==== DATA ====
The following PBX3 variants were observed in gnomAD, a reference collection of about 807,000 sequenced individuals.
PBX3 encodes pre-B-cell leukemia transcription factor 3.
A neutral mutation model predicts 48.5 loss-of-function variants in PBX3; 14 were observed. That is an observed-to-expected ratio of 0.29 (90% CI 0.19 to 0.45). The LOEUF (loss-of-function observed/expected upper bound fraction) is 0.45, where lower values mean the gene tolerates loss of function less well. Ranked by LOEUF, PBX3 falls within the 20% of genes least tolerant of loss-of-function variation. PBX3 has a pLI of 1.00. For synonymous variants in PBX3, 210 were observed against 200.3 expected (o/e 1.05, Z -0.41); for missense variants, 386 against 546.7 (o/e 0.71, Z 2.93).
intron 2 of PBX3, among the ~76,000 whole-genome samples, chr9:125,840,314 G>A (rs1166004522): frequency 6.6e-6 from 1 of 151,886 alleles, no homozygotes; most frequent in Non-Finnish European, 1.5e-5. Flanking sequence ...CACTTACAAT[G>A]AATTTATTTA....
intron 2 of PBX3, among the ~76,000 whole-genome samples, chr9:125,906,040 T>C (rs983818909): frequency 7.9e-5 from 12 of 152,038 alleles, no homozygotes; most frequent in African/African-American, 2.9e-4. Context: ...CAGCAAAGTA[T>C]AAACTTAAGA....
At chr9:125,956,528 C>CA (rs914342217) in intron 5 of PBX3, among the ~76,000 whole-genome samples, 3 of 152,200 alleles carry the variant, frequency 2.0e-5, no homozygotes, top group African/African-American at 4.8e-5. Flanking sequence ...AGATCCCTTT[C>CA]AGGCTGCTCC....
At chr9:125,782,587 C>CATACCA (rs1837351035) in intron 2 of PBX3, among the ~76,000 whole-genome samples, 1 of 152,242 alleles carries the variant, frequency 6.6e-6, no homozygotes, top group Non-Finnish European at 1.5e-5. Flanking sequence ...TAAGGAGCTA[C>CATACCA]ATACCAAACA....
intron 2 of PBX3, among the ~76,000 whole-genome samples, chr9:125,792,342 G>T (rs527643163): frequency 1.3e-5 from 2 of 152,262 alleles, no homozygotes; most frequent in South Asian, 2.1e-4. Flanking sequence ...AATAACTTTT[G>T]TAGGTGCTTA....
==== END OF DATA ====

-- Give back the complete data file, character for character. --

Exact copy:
The following PBX3 variants were observed in gnomAD, a reference collection of about 807,000 sequenced individuals.
PBX3 encodes pre-B-cell leukemia transcription factor 3.
A neutral mutation model predicts 48.5 loss-of-function variants in PBX3; 14 were observed. That is an observed-to-expected ratio of 0.29 (90% CI 0.19 to 0.45). The LOEUF (loss-of-function observed/expected upper bound fraction) is 0.45, where lower values mean the gene tolerates loss of function less well. Ranked by LOEUF, PBX3 falls within the 20% of genes least tolerant of loss-of-function variation. PBX3 has a pLI of 1.00. For synonymous variants in PBX3, 210 were observed against 200.3 expected (o/e 1.05, Z -0.41); for missense variants, 386 against 546.7 (o/e 0.71, Z 2.93).
intron 2 of PBX3, among the ~76,000 whole-genome samples, chr9:125,840,314 G>A (rs1166004522): frequency 6.6e-6 from 1 of 151,886 alleles, no homozygotes; most frequent in Non-Finnish European, 1.5e-5. Flanking sequence ...CACTTACAAT[G>A]AATTTATTTA....
intron 2 of PBX3, among the ~76,000 whole-genome samples, chr9:125,906,040 T>C (rs983818909): frequency 7.9e-5 from 12 of 152,038 alleles, no homozygotes; most frequent in African/African-American, 2.9e-4. Context: ...CAGCAAAGTA[T>C]AAACTTAAGA....
At chr9:125,956,528 C>CA (rs914342217) in intron 5 of PBX3, among the ~76,000 whole-genome samples, 3 of 152,200 alleles carry the variant, frequency 2.0e-5, no homozygotes, top group African/African-American at 4.8e-5. Flanking sequence ...AGATCCCTTT[C>CA]AGGCTGCTCC....
At chr9:125,782,587 C>CATACCA (rs1837351035) in intron 2 of PBX3, among the ~76,000 whole-genome samples, 1 of 152,242 alleles carries the variant, frequency 6.6e-6, no homozygotes, top group Non-Finnish European at 1.5e-5. Flanking sequence ...TAAGGAGCTA[C>CATACCA]ATACCAAACA....
intron 2 of PBX3, among the ~76,000 whole-genome samples, chr9:125,792,342 G>T (rs527643163): frequency 1.3e-5 from 2 of 152,262 alleles, no homozygotes; most frequent in South Asian, 2.1e-4. Flanking sequence ...AATAACTTTT[G>T]TAGGTGCTTA....